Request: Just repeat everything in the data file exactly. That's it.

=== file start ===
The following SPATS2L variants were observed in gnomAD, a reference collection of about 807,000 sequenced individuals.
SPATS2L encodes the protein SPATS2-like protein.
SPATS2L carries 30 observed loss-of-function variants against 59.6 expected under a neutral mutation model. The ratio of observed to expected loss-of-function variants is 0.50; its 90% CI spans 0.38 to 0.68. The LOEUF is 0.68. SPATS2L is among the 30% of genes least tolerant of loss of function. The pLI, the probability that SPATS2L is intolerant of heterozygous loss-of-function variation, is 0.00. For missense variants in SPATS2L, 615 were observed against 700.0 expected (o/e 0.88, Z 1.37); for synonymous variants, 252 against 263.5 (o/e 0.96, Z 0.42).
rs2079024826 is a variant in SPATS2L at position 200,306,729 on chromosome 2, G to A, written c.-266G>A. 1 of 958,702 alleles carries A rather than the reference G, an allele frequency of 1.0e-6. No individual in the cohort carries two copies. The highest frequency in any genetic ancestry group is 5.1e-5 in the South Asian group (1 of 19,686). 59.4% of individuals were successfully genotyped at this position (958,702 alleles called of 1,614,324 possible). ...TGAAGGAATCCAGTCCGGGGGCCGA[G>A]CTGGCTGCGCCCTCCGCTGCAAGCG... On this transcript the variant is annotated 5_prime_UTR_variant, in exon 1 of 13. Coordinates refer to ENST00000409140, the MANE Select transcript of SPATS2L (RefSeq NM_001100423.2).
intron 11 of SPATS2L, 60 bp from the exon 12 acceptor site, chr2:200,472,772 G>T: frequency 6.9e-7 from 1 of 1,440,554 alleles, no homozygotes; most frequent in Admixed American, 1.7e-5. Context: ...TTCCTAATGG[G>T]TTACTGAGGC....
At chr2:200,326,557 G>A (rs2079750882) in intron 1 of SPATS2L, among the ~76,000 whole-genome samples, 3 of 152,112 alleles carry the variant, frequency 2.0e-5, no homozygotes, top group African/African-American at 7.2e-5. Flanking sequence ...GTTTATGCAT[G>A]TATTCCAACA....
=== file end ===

The following SPATS2L variants were observed in gnomAD, a reference collection of about 807,000 sequenced individuals.
SPATS2L encodes the protein SPATS2-like protein.
SPATS2L carries 30 observed loss-of-function variants against 59.6 expected under a neutral mutation model. The ratio of observed to expected loss-of-function variants is 0.50; its 90% CI spans 0.38 to 0.68. The LOEUF is 0.68. SPATS2L is among the 30% of genes least tolerant of loss of function. The pLI, the probability that SPATS2L is intolerant of heterozygous loss-of-function variation, is 0.00. For missense variants in SPATS2L, 615 were observed against 700.0 expected (o/e 0.88, Z 1.37); for synonymous variants, 252 against 263.5 (o/e 0.96, Z 0.42).
rs2079024826 is a variant in SPATS2L at position 200,306,729 on chromosome 2, G to A, written c.-266G>A. 1 of 958,702 alleles carries A rather than the reference G, an allele frequency of 1.0e-6. No individual in the cohort carries two copies. The highest frequency in any genetic ancestry group is 5.1e-5 in the South Asian group (1 of 19,686). 59.4% of individuals were successfully genotyped at this position (958,702 alleles called of 1,614,324 possible). ...TGAAGGAATCCAGTCCGGGGGCCGA[G>A]CTGGCTGCGCCCTCCGCTGCAAGCG... On this transcript the variant is annotated 5_prime_UTR_variant, in exon 1 of 13. Coordinates refer to ENST00000409140, the MANE Select transcript of SPATS2L (RefSeq NM_001100423.2).
intron 11 of SPATS2L, 60 bp from the exon 12 acceptor site, chr2:200,472,772 G>T: frequency 6.9e-7 from 1 of 1,440,554 alleles, no homozygotes; most frequent in Admixed American, 1.7e-5. Context: ...TTCCTAATGG[G>T]TTACTGAGGC....
At chr2:200,326,557 G>A (rs2079750882) in intron 1 of SPATS2L, among the ~76,000 whole-genome samples, 3 of 152,112 alleles carry the variant, frequency 2.0e-5, no homozygotes, top group African/African-American at 7.2e-5. Flanking sequence ...GTTTATGCAT[G>A]TATTCCAACA....